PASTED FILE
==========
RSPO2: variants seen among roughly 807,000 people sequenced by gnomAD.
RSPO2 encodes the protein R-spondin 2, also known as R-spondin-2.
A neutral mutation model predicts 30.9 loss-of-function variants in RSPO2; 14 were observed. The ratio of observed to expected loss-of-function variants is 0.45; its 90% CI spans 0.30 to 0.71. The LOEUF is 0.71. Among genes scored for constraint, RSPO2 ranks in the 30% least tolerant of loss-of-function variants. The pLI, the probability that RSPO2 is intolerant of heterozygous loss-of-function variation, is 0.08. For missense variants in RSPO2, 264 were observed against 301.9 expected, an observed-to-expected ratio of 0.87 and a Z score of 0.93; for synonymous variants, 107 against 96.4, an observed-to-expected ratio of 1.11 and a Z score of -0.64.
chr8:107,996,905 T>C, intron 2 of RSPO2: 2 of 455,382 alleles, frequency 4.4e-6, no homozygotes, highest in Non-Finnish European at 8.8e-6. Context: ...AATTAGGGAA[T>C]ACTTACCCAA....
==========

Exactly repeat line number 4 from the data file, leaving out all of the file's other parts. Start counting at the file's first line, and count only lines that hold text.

chr8:107,996,905 T>C, intron 2 of RSPO2: 2 of 455,382 alleles, frequency 4.4e-6, no homozygotes, highest in Non-Finnish European at 8.8e-6. Context: ...AATTAGGGAA[T>C]ACTTACCCAA....